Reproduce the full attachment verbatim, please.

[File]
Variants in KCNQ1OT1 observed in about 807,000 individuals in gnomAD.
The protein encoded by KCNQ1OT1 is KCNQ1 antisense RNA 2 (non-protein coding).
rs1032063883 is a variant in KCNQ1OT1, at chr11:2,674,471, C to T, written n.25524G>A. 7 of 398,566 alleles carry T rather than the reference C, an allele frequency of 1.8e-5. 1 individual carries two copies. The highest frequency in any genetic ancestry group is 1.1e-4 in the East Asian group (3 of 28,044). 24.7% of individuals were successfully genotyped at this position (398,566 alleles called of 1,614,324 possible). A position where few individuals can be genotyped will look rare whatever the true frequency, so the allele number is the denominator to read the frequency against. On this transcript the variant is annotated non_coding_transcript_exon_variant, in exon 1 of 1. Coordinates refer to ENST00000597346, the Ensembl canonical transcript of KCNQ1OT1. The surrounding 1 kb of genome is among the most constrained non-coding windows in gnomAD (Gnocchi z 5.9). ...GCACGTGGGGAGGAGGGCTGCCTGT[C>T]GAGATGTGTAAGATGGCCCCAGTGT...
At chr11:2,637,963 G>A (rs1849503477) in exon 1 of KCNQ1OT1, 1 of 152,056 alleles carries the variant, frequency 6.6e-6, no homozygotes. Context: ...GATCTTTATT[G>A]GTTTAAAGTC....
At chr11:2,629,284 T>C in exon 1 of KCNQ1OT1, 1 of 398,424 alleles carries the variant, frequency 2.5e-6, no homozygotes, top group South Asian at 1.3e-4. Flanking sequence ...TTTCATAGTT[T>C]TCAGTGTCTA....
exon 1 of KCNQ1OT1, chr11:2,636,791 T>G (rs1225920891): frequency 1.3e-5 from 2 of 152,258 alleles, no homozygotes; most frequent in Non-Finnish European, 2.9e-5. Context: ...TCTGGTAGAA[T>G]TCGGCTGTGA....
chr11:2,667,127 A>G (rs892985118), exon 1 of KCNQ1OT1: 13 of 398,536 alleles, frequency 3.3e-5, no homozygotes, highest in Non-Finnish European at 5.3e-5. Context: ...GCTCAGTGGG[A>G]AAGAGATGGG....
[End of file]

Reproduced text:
Variants in KCNQ1OT1 observed in about 807,000 individuals in gnomAD.
The protein encoded by KCNQ1OT1 is KCNQ1 antisense RNA 2 (non-protein coding).
rs1032063883 is a variant in KCNQ1OT1, at chr11:2,674,471, C to T, written n.25524G>A. 7 of 398,566 alleles carry T rather than the reference C, an allele frequency of 1.8e-5. 1 individual carries two copies. The highest frequency in any genetic ancestry group is 1.1e-4 in the East Asian group (3 of 28,044). 24.7% of individuals were successfully genotyped at this position (398,566 alleles called of 1,614,324 possible). A position where few individuals can be genotyped will look rare whatever the true frequency, so the allele number is the denominator to read the frequency against. On this transcript the variant is annotated non_coding_transcript_exon_variant, in exon 1 of 1. Coordinates refer to ENST00000597346, the Ensembl canonical transcript of KCNQ1OT1. The surrounding 1 kb of genome is among the most constrained non-coding windows in gnomAD (Gnocchi z 5.9). ...GCACGTGGGGAGGAGGGCTGCCTGT[C>T]GAGATGTGTAAGATGGCCCCAGTGT...
At chr11:2,637,963 G>A (rs1849503477) in exon 1 of KCNQ1OT1, 1 of 152,056 alleles carries the variant, frequency 6.6e-6, no homozygotes. Context: ...GATCTTTATT[G>A]GTTTAAAGTC....
At chr11:2,629,284 T>C in exon 1 of KCNQ1OT1, 1 of 398,424 alleles carries the variant, frequency 2.5e-6, no homozygotes, top group South Asian at 1.3e-4. Flanking sequence ...TTTCATAGTT[T>C]TCAGTGTCTA....
exon 1 of KCNQ1OT1, chr11:2,636,791 T>G (rs1225920891): frequency 1.3e-5 from 2 of 152,258 alleles, no homozygotes; most frequent in Non-Finnish European, 2.9e-5. Context: ...TCTGGTAGAA[T>G]TCGGCTGTGA....
chr11:2,667,127 A>G (rs892985118), exon 1 of KCNQ1OT1: 13 of 398,536 alleles, frequency 3.3e-5, no homozygotes, highest in Non-Finnish European at 5.3e-5. Context: ...GCTCAGTGGG[A>G]AAGAGATGGG....